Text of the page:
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The Nature of Cultural Difference

“Poverty is everyone's problem. It cuts across any line you can name: age, race, social, geographic or religious. Whether you are black or white; rich, middle-class or poor, we are ALL touched by poverty.”

Kathleen Blanco

People from different cultures do not think, behave and react to events in the same way: there are clear historical and geographical reasons for this. They are explored in a fascinating book ‘Organisations & Culture’ by Dutch management consultant Geert Hofstede (Harper Collins Business, 1991).

Hofstede’s analysis is compelling: it helps us understand such issues as stereotyping, ethnocentrism and culture shock, and differences in the use of language and humour. We have found it helpful in explaining some of the things that have happened to us over the years.

Hofstede original observations were based on a major study of national cultural differences in subsidiaries of computer giant IBM, carried out in the 1980s, but his analysis has been refined since and informed by a host of later studies.

Hofstede identifies five independent dimensions of national culture which he refers to as:

  • power distance -- the extent to which the less powerful members of organisations (places where people work) and institutions (like the family, school or community) accept and expect that power is distributed unequally (all societies are unequal, but some are more unequal than others);
  • individualism versus collectivism -- the degree to which individuals are ‘free agents’ or are integrated into strong, cohesive in-groups. (Individualist societies like the US not only practice individualism but also consider it superior to other forms of mental software. Collectivist societies, for example, Japanese society, see things differently!)
  • masculinity versus femininity -- this refers to the distribution of roles between the genders. Masculine culture countries (like the UK) strive for a performance society; feminine countries (like Sweden) for a welfare society. The women in feminine countries have the same modest, caring values as the men; in the masculine countries they are more assertive and competitive, but not as much as the men, so that these countries show a bigger gap between men's and women's values.
  • uncertainty avoidance deals with a society's tolerance for uncertainty and ambiguity. Uncertainty accepting cultures are more tolerant of opinions different from those they are used to; they try to have as few rules as possible; people are more phlegmatic and contemplative, and not expected to openly express emotions. The more anxious cultures tend to be the more expressive cultures; they are the places where people talk with their hands, where it is socially acceptable to raise one’s voice or show one’s emotions.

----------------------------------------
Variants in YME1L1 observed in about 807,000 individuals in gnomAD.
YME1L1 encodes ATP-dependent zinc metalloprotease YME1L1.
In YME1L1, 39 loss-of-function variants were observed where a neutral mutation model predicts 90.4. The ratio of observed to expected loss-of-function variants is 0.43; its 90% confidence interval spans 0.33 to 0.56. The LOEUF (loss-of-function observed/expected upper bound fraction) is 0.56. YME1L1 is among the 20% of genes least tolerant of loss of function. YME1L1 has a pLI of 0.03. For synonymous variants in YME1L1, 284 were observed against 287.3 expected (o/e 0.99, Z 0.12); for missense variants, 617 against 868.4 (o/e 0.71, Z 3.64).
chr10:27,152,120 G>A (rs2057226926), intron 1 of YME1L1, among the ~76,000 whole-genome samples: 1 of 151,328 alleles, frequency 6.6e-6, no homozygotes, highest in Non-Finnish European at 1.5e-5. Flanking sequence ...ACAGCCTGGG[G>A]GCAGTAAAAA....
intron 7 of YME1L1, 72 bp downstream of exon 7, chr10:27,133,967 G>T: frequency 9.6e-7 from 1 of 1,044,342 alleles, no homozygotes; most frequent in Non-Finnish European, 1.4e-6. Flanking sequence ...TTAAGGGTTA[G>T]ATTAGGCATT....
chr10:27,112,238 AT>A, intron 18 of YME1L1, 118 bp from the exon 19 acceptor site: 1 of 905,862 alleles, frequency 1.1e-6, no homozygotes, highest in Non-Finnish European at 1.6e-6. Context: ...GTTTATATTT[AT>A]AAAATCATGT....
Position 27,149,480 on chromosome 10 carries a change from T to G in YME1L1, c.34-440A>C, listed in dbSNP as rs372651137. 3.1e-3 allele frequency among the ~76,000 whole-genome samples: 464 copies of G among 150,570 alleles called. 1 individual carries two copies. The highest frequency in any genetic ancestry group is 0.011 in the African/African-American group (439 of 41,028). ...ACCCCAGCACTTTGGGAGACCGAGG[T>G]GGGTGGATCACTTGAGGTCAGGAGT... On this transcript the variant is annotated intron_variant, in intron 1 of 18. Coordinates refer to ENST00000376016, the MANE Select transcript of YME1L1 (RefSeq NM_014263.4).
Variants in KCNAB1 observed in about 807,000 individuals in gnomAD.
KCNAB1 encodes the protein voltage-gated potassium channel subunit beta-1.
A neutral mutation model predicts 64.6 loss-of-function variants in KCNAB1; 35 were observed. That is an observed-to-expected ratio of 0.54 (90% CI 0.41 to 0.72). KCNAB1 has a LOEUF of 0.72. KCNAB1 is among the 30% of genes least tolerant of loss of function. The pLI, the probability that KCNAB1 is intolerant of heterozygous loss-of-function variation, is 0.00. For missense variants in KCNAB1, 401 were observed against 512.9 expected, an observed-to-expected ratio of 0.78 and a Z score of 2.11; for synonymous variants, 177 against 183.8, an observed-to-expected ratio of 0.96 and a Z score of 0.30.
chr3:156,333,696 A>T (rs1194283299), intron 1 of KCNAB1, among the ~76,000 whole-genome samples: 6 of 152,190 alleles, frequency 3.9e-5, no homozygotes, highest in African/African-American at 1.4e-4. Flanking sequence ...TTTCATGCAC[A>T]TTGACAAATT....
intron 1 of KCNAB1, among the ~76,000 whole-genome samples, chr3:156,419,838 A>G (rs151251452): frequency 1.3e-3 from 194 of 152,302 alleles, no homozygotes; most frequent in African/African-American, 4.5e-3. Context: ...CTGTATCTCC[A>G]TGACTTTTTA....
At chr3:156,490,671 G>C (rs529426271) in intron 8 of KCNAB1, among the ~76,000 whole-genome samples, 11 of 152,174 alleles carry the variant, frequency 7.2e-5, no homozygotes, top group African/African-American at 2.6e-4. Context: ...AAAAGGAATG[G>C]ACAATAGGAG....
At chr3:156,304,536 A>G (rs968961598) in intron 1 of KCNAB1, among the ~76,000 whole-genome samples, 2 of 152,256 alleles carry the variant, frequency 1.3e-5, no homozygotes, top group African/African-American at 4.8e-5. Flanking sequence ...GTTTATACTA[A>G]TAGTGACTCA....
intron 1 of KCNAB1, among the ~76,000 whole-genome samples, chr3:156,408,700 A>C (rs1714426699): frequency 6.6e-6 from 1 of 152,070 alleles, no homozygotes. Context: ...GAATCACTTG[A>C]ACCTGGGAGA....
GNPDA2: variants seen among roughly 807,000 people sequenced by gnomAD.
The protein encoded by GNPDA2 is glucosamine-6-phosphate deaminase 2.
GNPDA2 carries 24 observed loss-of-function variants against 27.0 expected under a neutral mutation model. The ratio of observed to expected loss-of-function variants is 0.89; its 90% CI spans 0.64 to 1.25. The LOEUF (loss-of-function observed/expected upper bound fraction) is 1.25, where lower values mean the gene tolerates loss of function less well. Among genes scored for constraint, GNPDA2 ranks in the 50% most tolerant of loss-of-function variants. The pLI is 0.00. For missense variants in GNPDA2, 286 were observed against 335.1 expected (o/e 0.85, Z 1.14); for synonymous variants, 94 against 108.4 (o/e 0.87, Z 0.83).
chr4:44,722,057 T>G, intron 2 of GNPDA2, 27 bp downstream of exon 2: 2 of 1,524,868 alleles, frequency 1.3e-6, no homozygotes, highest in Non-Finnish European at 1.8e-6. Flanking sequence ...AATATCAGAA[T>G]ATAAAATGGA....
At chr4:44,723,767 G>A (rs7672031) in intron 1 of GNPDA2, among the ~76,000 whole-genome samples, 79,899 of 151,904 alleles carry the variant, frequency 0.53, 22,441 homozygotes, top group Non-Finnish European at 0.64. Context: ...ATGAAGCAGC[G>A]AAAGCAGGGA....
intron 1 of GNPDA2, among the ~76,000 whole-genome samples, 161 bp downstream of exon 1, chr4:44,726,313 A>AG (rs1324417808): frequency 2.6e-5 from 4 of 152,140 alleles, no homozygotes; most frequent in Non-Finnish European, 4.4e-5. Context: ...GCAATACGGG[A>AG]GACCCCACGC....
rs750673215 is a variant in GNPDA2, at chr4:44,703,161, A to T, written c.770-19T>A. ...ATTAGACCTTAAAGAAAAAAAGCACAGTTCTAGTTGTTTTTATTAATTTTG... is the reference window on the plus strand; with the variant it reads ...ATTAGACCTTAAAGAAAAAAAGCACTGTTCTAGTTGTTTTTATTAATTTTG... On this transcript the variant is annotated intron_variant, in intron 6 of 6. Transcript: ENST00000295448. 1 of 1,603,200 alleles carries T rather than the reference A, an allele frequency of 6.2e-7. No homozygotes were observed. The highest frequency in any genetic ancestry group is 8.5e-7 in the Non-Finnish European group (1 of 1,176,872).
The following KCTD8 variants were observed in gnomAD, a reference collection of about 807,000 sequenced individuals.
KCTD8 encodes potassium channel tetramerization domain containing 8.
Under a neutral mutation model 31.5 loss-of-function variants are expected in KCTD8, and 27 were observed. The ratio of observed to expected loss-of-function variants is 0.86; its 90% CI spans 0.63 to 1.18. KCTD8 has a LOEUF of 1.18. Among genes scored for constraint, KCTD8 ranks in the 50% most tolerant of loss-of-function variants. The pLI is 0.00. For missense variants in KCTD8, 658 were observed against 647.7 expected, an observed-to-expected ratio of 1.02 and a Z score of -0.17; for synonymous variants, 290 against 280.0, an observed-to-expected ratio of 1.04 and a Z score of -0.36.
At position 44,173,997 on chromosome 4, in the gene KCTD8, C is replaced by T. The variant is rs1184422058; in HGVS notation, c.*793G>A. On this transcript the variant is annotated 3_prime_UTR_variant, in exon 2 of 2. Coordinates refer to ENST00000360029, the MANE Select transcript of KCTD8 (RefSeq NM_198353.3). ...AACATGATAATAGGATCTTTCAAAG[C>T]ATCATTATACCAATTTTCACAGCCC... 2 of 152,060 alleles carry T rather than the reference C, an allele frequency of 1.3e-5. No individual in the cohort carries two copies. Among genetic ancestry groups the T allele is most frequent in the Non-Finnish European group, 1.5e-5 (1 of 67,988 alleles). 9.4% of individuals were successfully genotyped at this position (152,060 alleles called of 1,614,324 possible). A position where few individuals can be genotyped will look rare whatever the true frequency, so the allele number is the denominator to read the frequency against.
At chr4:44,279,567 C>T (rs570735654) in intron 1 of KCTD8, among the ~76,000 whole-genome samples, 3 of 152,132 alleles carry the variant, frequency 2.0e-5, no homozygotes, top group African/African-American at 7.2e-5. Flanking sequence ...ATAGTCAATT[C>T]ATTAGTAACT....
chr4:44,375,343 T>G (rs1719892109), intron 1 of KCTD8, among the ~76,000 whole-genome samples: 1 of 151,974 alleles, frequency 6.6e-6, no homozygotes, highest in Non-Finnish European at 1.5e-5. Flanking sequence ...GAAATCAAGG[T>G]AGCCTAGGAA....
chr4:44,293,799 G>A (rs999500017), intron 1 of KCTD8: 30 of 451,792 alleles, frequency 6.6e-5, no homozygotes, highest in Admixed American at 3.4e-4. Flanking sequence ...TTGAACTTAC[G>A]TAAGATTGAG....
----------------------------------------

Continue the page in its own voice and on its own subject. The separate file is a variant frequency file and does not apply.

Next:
• long-term versus short-term orientation: this fifth dimension was found in a study which used a questionnaire designed by Chinese scholars. The values associated with short term orientation are respect for tradition, fulfilling social obligations, and protecting one's 'face'.


It is worth noting here how Hofstede defines culture. In most Western languages ‘culture’ is commonly taken to mean ‘civilization’ or ‘refinement of the mind’. Hofstede sees this as culture in its narrowest sense and calls it ‘culture one’. But culture is also about more fundamental human process, the ordinary and menial things in life -- how we greet others, how we eat or show or conceal our feelings, how we keep a certain physical distance from others, how we make love, or maintain bodily hygiene. This Hofstede calls ‘culture two’ -- culture two deals with the “things that hurt”.

In October 2002 Powerful Information ran a Vision & Values Workshop, held in the City Discovery Centre in Milton Keynes. Some of the delegates are seen here discussing their views on one of the propositions we put to them. The countries represented at the workshop included Belarus, Latvia, Lithuania, Moldova, Netherlands, Romania, Russia, Sierra Leone, Sweden and the UK.